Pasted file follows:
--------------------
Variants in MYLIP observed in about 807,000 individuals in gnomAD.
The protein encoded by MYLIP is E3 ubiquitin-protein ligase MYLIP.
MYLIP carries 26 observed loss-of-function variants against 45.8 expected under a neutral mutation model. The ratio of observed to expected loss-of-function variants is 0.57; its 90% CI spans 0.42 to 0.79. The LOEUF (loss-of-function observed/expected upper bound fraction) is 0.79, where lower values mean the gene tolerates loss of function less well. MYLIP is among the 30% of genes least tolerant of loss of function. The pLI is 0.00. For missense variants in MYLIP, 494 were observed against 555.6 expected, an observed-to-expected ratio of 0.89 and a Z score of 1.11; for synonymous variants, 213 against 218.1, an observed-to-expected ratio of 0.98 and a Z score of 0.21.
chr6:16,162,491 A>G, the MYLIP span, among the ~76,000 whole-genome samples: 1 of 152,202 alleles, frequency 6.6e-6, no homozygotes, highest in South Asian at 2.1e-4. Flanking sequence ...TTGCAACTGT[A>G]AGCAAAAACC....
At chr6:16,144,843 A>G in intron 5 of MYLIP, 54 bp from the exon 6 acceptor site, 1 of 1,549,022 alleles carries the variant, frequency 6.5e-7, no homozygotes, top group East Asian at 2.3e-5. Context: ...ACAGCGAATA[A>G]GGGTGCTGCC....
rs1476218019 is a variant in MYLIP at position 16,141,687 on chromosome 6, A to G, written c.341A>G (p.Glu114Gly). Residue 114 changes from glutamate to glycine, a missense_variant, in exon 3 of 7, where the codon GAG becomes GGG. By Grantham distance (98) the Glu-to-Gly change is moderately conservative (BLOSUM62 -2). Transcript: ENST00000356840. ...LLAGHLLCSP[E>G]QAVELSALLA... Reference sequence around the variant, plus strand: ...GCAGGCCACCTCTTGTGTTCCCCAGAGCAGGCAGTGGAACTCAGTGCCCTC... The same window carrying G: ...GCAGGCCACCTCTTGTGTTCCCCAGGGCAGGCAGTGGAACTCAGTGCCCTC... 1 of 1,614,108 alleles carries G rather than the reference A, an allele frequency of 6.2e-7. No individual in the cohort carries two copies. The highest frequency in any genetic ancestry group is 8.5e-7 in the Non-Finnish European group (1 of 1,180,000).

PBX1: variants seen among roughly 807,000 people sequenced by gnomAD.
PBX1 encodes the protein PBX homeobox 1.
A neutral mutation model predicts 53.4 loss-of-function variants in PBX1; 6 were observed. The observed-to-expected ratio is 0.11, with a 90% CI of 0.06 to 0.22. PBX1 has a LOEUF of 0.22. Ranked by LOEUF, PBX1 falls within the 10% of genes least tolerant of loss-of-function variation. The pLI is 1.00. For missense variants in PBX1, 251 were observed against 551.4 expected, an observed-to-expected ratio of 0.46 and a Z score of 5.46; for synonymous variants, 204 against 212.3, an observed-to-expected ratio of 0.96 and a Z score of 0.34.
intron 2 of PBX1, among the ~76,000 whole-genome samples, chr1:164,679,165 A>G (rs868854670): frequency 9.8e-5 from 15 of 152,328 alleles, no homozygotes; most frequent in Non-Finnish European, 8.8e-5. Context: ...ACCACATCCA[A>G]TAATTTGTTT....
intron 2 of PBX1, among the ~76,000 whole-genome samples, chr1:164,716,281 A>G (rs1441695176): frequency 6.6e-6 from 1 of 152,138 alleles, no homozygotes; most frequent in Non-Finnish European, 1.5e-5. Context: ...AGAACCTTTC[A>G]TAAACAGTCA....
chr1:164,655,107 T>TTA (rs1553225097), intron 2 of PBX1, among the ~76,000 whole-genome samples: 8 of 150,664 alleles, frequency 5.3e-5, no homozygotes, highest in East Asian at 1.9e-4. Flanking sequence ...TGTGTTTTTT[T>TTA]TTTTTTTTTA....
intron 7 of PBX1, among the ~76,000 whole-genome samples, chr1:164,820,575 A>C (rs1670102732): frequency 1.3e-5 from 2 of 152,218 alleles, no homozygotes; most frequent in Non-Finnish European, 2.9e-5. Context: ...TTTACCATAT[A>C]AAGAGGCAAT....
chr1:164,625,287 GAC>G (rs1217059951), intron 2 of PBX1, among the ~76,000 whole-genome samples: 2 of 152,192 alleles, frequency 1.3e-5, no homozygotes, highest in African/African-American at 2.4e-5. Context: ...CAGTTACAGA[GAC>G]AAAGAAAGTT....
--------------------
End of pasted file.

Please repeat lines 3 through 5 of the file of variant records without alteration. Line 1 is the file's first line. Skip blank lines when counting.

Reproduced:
MYLIP carries 26 observed loss-of-function variants against 45.8 expected under a neutral mutation model. The ratio of observed to expected loss-of-function variants is 0.57; its 90% CI spans 0.42 to 0.79. The LOEUF (loss-of-function observed/expected upper bound fraction) is 0.79, where lower values mean the gene tolerates loss of function less well. MYLIP is among the 30% of genes least tolerant of loss of function. The pLI is 0.00. For missense variants in MYLIP, 494 were observed against 555.6 expected, an observed-to-expected ratio of 0.89 and a Z score of 1.11; for synonymous variants, 213 against 218.1, an observed-to-expected ratio of 0.98 and a Z score of 0.21.
chr6:16,162,491 A>G, the MYLIP span, among the ~76,000 whole-genome samples: 1 of 152,202 alleles, frequency 6.6e-6, no homozygotes, highest in South Asian at 2.1e-4. Flanking sequence ...TTGCAACTGT[A>G]AGCAAAAACC....
At chr6:16,144,843 A>G in intron 5 of MYLIP, 54 bp from the exon 6 acceptor site, 1 of 1,549,022 alleles carries the variant, frequency 6.5e-7, no homozygotes, top group East Asian at 2.3e-5. Context: ...ACAGCGAATA[A>G]GGGTGCTGCC....